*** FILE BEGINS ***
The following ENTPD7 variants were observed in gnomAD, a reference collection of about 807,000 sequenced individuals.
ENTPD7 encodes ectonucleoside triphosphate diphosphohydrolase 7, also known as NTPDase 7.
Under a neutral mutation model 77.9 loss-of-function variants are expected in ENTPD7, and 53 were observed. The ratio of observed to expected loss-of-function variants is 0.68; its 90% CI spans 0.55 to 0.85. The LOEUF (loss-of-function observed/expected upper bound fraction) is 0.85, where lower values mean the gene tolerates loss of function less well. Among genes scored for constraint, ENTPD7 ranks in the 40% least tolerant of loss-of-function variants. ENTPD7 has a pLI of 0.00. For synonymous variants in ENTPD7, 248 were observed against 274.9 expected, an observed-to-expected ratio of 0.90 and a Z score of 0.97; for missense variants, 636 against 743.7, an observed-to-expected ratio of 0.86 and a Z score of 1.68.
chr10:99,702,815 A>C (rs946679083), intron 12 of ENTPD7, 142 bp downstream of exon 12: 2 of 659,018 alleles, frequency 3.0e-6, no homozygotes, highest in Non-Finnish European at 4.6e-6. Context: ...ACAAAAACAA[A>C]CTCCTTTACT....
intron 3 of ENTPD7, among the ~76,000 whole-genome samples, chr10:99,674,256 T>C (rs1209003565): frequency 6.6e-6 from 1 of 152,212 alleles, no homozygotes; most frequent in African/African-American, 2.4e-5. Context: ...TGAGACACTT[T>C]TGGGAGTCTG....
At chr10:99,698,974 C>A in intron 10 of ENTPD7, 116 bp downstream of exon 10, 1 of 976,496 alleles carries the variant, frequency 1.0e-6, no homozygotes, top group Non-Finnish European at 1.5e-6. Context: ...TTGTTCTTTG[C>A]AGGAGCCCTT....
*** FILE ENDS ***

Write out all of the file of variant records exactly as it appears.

The following ENTPD7 variants were observed in gnomAD, a reference collection of about 807,000 sequenced individuals.
ENTPD7 encodes ectonucleoside triphosphate diphosphohydrolase 7, also known as NTPDase 7.
Under a neutral mutation model 77.9 loss-of-function variants are expected in ENTPD7, and 53 were observed. The ratio of observed to expected loss-of-function variants is 0.68; its 90% CI spans 0.55 to 0.85. The LOEUF (loss-of-function observed/expected upper bound fraction) is 0.85, where lower values mean the gene tolerates loss of function less well. Among genes scored for constraint, ENTPD7 ranks in the 40% least tolerant of loss-of-function variants. ENTPD7 has a pLI of 0.00. For synonymous variants in ENTPD7, 248 were observed against 274.9 expected, an observed-to-expected ratio of 0.90 and a Z score of 0.97; for missense variants, 636 against 743.7, an observed-to-expected ratio of 0.86 and a Z score of 1.68.
chr10:99,702,815 A>C (rs946679083), intron 12 of ENTPD7, 142 bp downstream of exon 12: 2 of 659,018 alleles, frequency 3.0e-6, no homozygotes, highest in Non-Finnish European at 4.6e-6. Context: ...ACAAAAACAA[A>C]CTCCTTTACT....
intron 3 of ENTPD7, among the ~76,000 whole-genome samples, chr10:99,674,256 T>C (rs1209003565): frequency 6.6e-6 from 1 of 152,212 alleles, no homozygotes; most frequent in African/African-American, 2.4e-5. Context: ...TGAGACACTT[T>C]TGGGAGTCTG....
At chr10:99,698,974 C>A in intron 10 of ENTPD7, 116 bp downstream of exon 10, 1 of 976,496 alleles carries the variant, frequency 1.0e-6, no homozygotes, top group Non-Finnish European at 1.5e-6. Context: ...TTGTTCTTTG[C>A]AGGAGCCCTT....